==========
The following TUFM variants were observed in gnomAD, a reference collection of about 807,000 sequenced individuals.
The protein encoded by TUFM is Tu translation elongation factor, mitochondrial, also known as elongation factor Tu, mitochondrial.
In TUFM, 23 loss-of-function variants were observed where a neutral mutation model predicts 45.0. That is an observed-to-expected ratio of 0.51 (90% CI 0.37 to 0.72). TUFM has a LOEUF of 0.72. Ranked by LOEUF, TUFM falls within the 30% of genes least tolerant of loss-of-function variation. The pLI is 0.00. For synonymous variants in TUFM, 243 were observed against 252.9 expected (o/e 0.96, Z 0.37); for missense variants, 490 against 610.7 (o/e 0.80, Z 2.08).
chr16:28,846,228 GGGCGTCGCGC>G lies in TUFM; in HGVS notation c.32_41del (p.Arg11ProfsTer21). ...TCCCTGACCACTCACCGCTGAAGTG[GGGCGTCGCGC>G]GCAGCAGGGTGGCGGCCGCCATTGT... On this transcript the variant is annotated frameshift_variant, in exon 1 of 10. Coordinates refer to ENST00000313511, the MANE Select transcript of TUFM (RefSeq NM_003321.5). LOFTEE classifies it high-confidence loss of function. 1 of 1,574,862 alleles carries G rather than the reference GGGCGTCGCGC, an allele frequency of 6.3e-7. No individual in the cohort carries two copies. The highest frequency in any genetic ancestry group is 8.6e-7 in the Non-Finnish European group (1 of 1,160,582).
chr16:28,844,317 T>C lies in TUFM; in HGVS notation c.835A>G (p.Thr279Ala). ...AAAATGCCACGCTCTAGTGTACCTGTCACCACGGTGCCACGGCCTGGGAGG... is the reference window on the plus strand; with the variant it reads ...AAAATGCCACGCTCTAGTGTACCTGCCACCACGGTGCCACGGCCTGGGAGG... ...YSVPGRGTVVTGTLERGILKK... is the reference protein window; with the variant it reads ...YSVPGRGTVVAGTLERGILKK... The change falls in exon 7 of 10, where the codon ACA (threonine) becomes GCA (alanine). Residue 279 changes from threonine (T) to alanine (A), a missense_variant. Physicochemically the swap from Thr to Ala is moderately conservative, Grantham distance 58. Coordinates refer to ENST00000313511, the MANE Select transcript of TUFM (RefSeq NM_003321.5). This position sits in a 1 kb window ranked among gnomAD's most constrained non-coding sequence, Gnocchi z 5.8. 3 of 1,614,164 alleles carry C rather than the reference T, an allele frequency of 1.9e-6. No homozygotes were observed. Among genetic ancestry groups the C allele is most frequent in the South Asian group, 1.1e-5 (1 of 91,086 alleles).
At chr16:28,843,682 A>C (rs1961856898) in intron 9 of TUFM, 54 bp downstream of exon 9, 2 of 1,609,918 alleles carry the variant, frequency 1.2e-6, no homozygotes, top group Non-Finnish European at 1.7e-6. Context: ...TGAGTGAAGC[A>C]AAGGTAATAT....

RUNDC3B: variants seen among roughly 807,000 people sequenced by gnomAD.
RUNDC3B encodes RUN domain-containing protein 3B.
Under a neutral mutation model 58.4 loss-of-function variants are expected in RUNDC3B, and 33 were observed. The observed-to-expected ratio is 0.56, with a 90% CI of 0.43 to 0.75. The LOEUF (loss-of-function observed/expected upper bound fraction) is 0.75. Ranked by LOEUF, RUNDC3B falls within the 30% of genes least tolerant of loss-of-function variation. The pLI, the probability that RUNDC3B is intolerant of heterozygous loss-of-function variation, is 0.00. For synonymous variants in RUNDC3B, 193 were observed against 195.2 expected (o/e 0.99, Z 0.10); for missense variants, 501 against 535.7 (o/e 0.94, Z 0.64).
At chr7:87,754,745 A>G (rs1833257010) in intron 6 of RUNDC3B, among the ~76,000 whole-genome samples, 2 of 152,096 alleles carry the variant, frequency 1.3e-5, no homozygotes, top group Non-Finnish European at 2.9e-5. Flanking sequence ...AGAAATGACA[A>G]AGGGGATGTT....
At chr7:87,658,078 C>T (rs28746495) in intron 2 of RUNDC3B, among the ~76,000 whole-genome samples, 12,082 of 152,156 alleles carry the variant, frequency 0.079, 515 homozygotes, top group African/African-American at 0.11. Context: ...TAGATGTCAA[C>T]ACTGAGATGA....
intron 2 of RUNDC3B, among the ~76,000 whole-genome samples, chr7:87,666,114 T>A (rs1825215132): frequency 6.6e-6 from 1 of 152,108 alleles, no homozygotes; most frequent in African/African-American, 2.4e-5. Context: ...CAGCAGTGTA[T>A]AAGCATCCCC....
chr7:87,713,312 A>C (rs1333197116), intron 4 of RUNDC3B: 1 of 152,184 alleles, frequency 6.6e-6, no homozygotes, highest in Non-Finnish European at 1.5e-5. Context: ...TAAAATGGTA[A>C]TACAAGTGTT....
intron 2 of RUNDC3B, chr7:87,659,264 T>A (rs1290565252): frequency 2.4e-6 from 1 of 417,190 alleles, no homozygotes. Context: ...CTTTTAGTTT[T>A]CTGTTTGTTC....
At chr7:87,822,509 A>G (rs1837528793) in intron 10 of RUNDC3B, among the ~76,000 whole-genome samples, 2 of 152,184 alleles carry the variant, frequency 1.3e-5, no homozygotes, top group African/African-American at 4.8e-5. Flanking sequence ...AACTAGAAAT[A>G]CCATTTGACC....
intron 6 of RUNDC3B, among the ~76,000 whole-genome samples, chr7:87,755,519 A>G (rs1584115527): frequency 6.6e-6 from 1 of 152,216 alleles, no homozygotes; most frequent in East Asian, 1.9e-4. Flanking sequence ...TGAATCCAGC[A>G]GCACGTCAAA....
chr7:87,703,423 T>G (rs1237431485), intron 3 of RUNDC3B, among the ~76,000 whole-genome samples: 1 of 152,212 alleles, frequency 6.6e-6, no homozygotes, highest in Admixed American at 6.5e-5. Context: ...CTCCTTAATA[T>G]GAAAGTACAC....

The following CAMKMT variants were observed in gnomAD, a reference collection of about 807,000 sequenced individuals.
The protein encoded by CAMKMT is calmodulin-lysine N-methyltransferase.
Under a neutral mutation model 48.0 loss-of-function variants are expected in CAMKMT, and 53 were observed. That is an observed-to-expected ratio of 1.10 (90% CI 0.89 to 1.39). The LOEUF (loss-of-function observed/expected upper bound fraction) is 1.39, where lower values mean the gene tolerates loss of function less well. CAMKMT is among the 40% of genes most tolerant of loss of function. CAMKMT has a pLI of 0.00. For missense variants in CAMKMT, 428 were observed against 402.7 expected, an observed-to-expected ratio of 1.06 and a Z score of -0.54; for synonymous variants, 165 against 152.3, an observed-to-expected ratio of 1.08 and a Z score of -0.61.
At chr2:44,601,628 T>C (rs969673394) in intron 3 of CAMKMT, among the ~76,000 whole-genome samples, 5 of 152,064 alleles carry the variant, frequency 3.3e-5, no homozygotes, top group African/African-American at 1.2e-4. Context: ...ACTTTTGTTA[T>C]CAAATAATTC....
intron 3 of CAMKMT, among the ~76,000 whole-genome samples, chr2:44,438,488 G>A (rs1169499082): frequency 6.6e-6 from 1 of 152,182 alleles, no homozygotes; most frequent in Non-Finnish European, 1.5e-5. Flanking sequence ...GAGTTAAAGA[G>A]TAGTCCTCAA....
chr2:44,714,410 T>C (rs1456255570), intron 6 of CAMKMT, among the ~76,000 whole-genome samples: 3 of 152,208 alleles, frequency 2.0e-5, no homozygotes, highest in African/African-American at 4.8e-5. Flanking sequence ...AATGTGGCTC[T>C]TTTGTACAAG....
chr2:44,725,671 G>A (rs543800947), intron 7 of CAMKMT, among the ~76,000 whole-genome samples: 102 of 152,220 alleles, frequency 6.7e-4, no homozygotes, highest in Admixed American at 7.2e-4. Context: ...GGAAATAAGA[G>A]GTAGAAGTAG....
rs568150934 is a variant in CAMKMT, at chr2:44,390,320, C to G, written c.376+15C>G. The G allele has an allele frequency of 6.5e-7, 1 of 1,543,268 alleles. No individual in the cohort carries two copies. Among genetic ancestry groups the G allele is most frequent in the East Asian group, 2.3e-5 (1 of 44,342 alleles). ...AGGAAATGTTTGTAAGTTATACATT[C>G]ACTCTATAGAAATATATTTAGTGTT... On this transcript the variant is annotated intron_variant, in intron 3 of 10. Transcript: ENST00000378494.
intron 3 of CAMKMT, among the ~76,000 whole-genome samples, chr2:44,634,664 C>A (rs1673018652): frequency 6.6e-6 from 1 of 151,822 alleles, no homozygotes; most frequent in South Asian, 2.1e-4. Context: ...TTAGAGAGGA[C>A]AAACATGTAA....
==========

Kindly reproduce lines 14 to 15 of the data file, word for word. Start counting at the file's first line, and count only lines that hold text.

intron 2 of RUNDC3B, chr7:87,659,264 T>A (rs1290565252): frequency 2.4e-6 from 1 of 417,190 alleles, no homozygotes. Context: ...CTTTTAGTTT[T>A]CTGTTTGTTC....
At chr7:87,822,509 A>G (rs1837528793) in intron 10 of RUNDC3B, among the ~76,000 whole-genome samples, 2 of 152,184 alleles carry the variant, frequency 1.3e-5, no homozygotes, top group African/African-American at 4.8e-5. Flanking sequence ...AACTAGAAAT[A>G]CCATTTGACC....